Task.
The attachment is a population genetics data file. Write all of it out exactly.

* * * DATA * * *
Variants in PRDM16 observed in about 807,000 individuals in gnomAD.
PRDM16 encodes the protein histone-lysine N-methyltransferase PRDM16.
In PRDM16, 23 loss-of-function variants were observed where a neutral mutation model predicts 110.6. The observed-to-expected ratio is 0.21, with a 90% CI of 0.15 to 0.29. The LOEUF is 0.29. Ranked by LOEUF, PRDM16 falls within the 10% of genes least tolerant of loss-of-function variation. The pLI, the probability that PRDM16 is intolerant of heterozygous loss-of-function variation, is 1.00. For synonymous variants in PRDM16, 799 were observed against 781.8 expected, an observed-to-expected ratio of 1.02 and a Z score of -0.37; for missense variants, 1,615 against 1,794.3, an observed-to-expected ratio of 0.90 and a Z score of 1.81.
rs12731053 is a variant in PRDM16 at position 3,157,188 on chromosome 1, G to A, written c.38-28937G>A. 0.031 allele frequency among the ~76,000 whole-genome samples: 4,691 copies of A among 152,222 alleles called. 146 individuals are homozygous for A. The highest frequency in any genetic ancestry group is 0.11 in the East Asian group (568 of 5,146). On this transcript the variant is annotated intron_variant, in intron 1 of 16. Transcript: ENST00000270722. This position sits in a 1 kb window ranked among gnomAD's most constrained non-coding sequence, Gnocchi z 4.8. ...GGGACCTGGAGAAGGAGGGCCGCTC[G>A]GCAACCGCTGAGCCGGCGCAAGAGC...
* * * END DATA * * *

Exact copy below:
Variants in PRDM16 observed in about 807,000 individuals in gnomAD.
PRDM16 encodes the protein histone-lysine N-methyltransferase PRDM16.
In PRDM16, 23 loss-of-function variants were observed where a neutral mutation model predicts 110.6. The observed-to-expected ratio is 0.21, with a 90% CI of 0.15 to 0.29. The LOEUF is 0.29. Ranked by LOEUF, PRDM16 falls within the 10% of genes least tolerant of loss-of-function variation. The pLI, the probability that PRDM16 is intolerant of heterozygous loss-of-function variation, is 1.00. For synonymous variants in PRDM16, 799 were observed against 781.8 expected, an observed-to-expected ratio of 1.02 and a Z score of -0.37; for missense variants, 1,615 against 1,794.3, an observed-to-expected ratio of 0.90 and a Z score of 1.81.
rs12731053 is a variant in PRDM16 at position 3,157,188 on chromosome 1, G to A, written c.38-28937G>A. 0.031 allele frequency among the ~76,000 whole-genome samples: 4,691 copies of A among 152,222 alleles called. 146 individuals are homozygous for A. The highest frequency in any genetic ancestry group is 0.11 in the East Asian group (568 of 5,146). On this transcript the variant is annotated intron_variant, in intron 1 of 16. Transcript: ENST00000270722. This position sits in a 1 kb window ranked among gnomAD's most constrained non-coding sequence, Gnocchi z 4.8. ...GGGACCTGGAGAAGGAGGGCCGCTC[G>A]GCAACCGCTGAGCCGGCGCAAGAGC...